[Khalilzad] had been an early supporter of the Taliban during the brutal internecine fighting that accompanied the anti-Soviet war in Afghanistan. And he remained in touch with the fundamentalist forces after they trounced opposing warlords and took power in Kabul in 1996.”
By this time, Khalilzad had worked with Brzezinski under President Jimmy Carter, served as a senior State Department advisor on the Soviet-Afghan war under President Ronald Reagan and worked for the Pentagon under George Bush senior. Under George W. Bush, Khalilzad worked on “preparations for a post-Saddam Hussein Iraq” according to a White House press statement. That was until 9/11, when his experience with Afghanistan propelled his rise in the administration as Special Presidential Envoy for Afghanistan.
Hamid Karzai, a former Mujahideen fundraiser, was installed as president by the U.S. after the Taliban was toppled, largely thanks to the political support of Zalmay Khalilzad. Karzai had been offered the post of ambassador to the UN by the Taliban, but the regime never attained formal recognition.
Khalilzad would even play a leading role in the drafting of Afghanistan’s new constitution. This under-scrutinized behemoth in the American foreign policy scene would go on to help shape the new Iraqi government as U.S. ambassador to the country. His continued “service” in the United States government is itself a humanitarian threat.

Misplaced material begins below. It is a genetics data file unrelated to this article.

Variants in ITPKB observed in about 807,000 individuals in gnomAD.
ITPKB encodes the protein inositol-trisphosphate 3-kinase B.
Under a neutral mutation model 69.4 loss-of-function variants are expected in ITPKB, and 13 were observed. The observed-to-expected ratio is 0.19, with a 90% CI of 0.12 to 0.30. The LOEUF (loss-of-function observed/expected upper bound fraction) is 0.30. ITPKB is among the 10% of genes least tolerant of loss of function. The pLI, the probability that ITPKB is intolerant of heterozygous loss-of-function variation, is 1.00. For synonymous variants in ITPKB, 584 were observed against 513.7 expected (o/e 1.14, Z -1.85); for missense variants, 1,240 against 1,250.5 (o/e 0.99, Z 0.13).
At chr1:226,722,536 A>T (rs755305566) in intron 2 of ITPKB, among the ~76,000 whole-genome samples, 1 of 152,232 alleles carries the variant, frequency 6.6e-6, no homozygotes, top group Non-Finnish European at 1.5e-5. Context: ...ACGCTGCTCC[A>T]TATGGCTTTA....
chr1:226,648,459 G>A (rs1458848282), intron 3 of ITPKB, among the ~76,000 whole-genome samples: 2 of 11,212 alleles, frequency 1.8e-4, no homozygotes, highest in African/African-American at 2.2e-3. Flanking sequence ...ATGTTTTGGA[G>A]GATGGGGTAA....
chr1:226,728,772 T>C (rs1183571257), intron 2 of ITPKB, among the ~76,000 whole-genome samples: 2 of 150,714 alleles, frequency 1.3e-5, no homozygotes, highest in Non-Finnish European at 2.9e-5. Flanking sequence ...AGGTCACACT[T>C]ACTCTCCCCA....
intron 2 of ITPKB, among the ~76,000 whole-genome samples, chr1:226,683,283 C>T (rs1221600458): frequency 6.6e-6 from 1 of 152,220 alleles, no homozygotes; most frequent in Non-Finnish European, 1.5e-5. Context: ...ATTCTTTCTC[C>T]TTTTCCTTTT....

A violent backdrop to a shaky peace process
The New York Times reports that American negotiations with the Taliban have been “undergirded by increasing battlefield pressure by the American military.” What is being opaquely alluded to is the increased bombings and engagements under Trump, with 2018 marking the most bombings on record and 2019 so far outpacing even that. Meanwhile, the White House is reportedly seeking to up the CIA’s arsenal of supposedly anti-extremist mercenaries to transition through the withdrawal of 5,400 of its 14,000 troops under the conditions of the unofficial agreement with the Taliban. As MintPress News has previously reported, some of these CIA-backed death squads are able to call in airstrikes and are frequently accused of torture. One medical worker whose home was raided by one of these units even mistook them for ISIS. “I thought it was the caliphate people,” he said.